January releases from Indicator

Santo confronts a smuggler in Joselito Rodríguez' Santo vs Infernal Men (1961)

Indicator start the new year with some impressive Blu-ray sets, including a massive 10-disk tribute to amateur filmmaker Michael J. Murphy whose five-decade career produced three dozen features in multiple genres; a two-disk set of the first two adventures of Mexico’s most famous masked wrestler, Santo, which includes a fascinating history of popular cinema in Mexico; and another two-disk set with three different cuts of Sergio Sollima’s first western, The Big Gundown (1967).

Folk horror and Argentine noir

Collage is used as an organizing principle in Kier-la Janisse's epic folk horror documentary Woodlands Dark and Days Bewitched (2021)

The year gets off to an interesting start with a pair of excellent Argentinian films noirs – Román Viñoly Barreto’s The Beast Must Die (1952) and Fernando Ayala’s The Bitter Stems (1956) – beautifully restored by the Film Noir Foundation; Prana Bailey-Bond’s Censor (2021), a disturbing British psychological horror; and Kier-la Janisse’s Woodlands Dark and Days Bewitched (2021), an epic documentary exploring the folk horror genre.

Recent miscellaneous viewing, part two

Charles Bronson as real-life career criminal Joe Valachi in Terence Young's The Valachi Papers (1972)

More random viewing: two obscure independent films from the BFI, Margaret Tait’s poetic Blue Black Permanent (1992) and Maurice Hatton’s gritty fake-umentary about the film business, Long Shot (1977); and three from Twilight Time – George Sluizer’s interesting Americanization of his existential thriller The Vanishing (1993), Terrence Young’s straightforward fact-based crime saga The Valachi Papers (1972), and D.W. Griffith’s monumental but deeply troubling Birth of a Nation (1915).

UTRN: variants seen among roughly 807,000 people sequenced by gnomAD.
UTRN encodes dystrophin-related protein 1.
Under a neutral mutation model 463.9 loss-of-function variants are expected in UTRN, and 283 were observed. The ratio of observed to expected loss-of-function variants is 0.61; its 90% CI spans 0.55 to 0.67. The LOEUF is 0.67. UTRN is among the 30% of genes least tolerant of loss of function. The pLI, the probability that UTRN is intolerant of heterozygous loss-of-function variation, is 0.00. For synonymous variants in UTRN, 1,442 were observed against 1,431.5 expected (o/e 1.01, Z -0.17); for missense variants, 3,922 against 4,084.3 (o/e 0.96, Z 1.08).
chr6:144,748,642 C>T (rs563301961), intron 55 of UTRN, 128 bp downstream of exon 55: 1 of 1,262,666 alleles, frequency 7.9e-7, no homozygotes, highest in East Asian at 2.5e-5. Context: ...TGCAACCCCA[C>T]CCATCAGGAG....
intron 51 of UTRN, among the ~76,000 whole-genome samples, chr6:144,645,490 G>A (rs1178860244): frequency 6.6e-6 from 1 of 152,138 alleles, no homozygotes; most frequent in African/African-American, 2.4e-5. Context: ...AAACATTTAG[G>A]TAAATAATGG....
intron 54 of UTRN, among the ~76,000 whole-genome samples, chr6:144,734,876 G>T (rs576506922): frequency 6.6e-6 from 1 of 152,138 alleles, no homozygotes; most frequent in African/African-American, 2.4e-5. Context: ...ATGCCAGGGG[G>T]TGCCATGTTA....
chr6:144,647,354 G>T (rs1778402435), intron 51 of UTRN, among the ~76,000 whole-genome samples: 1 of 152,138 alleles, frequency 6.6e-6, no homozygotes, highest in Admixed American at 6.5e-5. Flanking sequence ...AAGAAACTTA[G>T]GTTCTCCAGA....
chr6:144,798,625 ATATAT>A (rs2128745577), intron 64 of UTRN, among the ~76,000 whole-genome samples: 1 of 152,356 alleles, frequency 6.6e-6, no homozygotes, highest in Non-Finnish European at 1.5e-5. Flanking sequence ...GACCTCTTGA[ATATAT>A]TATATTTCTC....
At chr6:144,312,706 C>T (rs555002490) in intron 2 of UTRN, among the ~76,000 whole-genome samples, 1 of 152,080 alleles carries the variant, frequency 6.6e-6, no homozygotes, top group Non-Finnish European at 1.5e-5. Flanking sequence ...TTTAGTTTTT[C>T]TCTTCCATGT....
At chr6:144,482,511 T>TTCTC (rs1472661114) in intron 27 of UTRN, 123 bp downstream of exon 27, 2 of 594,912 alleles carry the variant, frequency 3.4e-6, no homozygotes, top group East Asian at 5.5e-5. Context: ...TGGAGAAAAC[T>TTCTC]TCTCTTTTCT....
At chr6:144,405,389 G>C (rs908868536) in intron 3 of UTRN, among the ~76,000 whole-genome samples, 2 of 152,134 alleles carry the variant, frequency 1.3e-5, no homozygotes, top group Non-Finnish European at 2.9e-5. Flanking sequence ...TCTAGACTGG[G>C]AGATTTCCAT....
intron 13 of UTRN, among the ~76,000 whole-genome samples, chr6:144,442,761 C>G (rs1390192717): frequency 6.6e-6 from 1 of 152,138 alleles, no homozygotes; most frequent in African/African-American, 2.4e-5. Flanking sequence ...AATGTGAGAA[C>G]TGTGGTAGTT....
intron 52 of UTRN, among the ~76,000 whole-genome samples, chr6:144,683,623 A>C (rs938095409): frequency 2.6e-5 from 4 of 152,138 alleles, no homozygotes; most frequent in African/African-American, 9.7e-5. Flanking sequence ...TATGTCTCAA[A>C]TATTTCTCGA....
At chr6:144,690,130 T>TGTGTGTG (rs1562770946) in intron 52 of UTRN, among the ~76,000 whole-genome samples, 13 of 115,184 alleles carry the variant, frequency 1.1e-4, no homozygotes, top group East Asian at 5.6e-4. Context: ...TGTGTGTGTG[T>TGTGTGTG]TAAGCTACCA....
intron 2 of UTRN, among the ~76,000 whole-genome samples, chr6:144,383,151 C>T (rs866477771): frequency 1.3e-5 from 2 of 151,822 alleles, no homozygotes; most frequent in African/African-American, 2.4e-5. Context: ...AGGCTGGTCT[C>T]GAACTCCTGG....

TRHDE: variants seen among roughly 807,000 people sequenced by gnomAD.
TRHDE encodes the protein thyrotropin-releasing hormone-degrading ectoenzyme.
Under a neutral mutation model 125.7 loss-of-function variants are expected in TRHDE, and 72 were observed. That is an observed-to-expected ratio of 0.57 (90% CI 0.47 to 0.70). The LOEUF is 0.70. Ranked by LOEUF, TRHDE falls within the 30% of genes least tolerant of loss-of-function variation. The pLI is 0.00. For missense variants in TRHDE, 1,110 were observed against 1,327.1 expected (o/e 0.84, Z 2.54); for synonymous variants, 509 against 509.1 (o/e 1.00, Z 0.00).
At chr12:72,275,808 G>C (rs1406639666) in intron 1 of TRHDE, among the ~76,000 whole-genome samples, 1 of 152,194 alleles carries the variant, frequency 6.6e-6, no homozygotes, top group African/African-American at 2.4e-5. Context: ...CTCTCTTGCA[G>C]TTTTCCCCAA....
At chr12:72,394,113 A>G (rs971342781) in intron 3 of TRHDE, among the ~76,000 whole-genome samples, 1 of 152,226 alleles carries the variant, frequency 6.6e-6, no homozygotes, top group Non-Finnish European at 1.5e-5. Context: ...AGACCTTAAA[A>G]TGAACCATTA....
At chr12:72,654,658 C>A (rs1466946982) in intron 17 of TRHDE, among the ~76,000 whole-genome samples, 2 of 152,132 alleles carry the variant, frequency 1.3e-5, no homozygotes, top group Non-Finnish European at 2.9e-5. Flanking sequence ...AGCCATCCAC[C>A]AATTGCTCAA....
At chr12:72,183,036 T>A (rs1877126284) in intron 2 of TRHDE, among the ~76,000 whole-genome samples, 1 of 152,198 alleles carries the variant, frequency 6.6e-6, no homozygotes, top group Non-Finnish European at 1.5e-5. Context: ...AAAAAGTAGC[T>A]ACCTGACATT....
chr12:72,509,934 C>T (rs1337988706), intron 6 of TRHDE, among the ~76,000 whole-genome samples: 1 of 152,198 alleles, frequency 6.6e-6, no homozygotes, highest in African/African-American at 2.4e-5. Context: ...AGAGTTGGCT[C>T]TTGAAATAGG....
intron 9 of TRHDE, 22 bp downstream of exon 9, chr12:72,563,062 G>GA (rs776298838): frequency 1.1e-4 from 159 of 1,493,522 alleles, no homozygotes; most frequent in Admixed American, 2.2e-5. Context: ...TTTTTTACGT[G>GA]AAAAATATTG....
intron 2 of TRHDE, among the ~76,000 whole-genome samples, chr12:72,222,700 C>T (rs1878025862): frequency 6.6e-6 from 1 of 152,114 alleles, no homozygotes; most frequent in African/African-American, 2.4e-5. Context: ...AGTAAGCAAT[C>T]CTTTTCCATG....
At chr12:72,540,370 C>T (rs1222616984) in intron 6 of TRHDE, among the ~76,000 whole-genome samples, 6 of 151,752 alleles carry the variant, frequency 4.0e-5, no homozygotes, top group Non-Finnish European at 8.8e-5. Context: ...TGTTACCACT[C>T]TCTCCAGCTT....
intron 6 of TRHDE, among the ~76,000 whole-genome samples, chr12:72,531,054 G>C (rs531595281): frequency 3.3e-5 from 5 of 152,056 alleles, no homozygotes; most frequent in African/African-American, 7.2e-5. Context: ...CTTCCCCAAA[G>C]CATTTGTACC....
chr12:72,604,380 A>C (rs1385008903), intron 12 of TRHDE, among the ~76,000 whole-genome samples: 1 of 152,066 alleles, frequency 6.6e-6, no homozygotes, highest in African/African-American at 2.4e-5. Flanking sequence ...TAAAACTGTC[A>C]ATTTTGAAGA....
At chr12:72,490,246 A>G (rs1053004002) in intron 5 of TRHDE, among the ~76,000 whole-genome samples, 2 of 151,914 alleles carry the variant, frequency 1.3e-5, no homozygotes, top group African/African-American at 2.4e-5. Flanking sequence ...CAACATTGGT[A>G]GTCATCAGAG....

Andrei Tarkovsky’s Andrei Rublev (1966):
Criterion Blu-ray review

Andrei (Anatoliy Solonitsyn) and Theophanes the Greek (Nikolay Sergeev) ponder the artist's place in the world in Andrei Tarkovsky's Andrei Rublev (1966)

Criterion’s new Blu-ray release of Andrei Tarkovsky’s second feature, Andrei Rublev (1966), not only features a superb restoration of the director’s preferred 183-minute cut, but also a (much weaker) transfer of the original 205-minute version and a comprehensive selection of new and archival supplements which cover the production and meaning of this, the greatest of all historical epics.

Blasts from the past

DVD of the Week: The World, the Flesh & the Devil (1959)

Recent Viewing part 2

Spectrum of Horror: from class to crass

“Art films” and the nature of boredom

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